The debate is joined. Dr. O’Neill believes that the moral order of world comes from non-market associations and an Enlightenment project in which men and women decide what their world shall be. It comes from ideas thought. Dr. Boudreaux, if I may speak for him, believes that the world emerges from the activities of many diverse groups and individuals as these activities emerge to shape the world. In this case, the order of the world comes from choices made. In O’Neill’s view, the market place is an enemy of moral order. For Boudreaux, it is order’s source.

Many social scientists treat Boudreaux’s position as an abandonment of responsibility and a willingness to “damn the consequences and let the market rip.” But what you could hear in Boudreaux’s remarks was not an eager abdication of responsibility, but a sober, scrupulous willingness to accept the world’s choice over the intellectual’s idea. For Boudreaux, I think, the world is, in a sense, imponderable. It is driven by an evermore active marketplace which in turn drives new social, cultural, and economic forms. The result is almost impossible to think. It is increasingly impossible to judge. To use the phrase ironically, the world is too much with us.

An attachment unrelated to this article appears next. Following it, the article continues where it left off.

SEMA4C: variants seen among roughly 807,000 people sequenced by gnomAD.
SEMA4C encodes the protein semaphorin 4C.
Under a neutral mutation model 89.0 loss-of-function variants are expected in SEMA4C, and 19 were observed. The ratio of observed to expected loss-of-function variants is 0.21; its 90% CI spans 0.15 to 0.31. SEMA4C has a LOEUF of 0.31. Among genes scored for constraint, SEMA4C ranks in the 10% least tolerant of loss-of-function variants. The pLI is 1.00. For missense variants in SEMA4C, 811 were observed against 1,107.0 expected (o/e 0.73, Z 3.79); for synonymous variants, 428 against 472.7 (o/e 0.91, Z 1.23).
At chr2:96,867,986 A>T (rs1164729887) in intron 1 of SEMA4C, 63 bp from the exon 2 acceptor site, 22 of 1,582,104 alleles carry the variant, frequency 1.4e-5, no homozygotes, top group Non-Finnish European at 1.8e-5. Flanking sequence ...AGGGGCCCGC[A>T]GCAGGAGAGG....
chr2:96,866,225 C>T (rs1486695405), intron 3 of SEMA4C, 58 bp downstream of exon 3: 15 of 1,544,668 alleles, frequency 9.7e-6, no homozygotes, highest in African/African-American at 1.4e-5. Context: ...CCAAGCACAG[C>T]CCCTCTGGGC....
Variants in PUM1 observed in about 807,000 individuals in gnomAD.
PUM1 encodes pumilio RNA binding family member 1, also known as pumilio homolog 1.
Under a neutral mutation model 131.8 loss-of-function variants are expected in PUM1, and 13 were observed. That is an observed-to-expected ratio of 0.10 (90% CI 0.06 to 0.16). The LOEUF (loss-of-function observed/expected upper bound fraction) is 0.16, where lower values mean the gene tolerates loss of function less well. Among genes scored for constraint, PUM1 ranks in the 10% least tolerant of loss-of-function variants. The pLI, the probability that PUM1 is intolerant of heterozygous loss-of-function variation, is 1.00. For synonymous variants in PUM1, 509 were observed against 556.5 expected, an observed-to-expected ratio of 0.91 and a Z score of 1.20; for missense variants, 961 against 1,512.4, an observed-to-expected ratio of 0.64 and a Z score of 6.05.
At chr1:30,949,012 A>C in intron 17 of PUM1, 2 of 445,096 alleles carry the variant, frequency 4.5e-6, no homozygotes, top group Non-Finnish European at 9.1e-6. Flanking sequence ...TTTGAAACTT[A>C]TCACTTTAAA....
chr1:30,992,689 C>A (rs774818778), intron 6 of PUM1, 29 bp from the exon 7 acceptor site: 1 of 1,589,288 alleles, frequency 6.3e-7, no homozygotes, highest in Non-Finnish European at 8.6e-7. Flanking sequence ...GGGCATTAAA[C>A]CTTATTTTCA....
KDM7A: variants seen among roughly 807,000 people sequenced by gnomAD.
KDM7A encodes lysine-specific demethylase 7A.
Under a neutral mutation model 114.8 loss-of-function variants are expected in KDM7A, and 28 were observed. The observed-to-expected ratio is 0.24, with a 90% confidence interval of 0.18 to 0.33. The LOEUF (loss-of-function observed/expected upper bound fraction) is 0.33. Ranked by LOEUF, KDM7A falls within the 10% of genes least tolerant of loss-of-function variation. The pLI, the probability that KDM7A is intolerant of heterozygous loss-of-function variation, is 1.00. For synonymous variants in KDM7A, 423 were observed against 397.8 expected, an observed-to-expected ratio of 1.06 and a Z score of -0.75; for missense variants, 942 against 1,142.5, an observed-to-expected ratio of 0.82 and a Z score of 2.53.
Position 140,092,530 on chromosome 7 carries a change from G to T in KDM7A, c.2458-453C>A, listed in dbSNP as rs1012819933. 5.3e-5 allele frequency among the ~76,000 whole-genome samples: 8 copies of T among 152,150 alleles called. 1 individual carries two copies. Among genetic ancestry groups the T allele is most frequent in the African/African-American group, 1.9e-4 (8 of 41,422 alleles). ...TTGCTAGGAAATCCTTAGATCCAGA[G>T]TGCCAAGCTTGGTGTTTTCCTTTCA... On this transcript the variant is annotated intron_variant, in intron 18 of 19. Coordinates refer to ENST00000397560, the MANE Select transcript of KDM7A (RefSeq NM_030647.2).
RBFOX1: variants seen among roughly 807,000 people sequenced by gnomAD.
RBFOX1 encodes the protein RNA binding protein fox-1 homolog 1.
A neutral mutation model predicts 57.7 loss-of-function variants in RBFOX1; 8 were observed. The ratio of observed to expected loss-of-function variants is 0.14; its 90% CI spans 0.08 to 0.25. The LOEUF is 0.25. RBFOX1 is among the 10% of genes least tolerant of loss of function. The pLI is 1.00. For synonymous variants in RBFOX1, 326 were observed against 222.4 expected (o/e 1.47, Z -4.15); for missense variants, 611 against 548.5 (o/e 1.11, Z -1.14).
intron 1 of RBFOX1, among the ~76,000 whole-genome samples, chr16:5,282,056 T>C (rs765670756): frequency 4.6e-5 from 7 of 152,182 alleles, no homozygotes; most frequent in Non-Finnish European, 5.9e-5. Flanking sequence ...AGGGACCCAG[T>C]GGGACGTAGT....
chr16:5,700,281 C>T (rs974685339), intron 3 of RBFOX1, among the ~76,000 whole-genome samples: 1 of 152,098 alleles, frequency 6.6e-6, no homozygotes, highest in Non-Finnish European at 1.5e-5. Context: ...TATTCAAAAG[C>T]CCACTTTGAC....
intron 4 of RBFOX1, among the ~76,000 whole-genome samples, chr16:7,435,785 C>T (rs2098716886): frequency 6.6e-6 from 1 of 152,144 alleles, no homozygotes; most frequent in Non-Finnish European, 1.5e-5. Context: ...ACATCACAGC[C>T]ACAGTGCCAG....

The debate is clear. O’Neill holds to the old mission of the intellectual. Powers of scrutiny and rights of judgment, these, he says, remain with us. From this perspective, Boudreaux and his like are barbarians who accept that, now to use the phrase ironically, “what ever is is right.” Scholar to the barricades! O’Neill takes up the defense of “non market associations.” He shouts the market back.

O’Neill does not see what was clear to the great American anthropologist, Marshall Sahlins in the 1970s. “[W]e have a kind of empirical society which precipitates organization out of the play of real forces. Ours too may be a culture, but its form is constructed from events, as the system gives people license to put their means to the best advantage and certifies the result as a genuine society.”

He does not see what was clear to Hayek in the 1940s, that ‘through the market [we are] made to contribute ‘to ends which [are] no part of [our] purpose.’”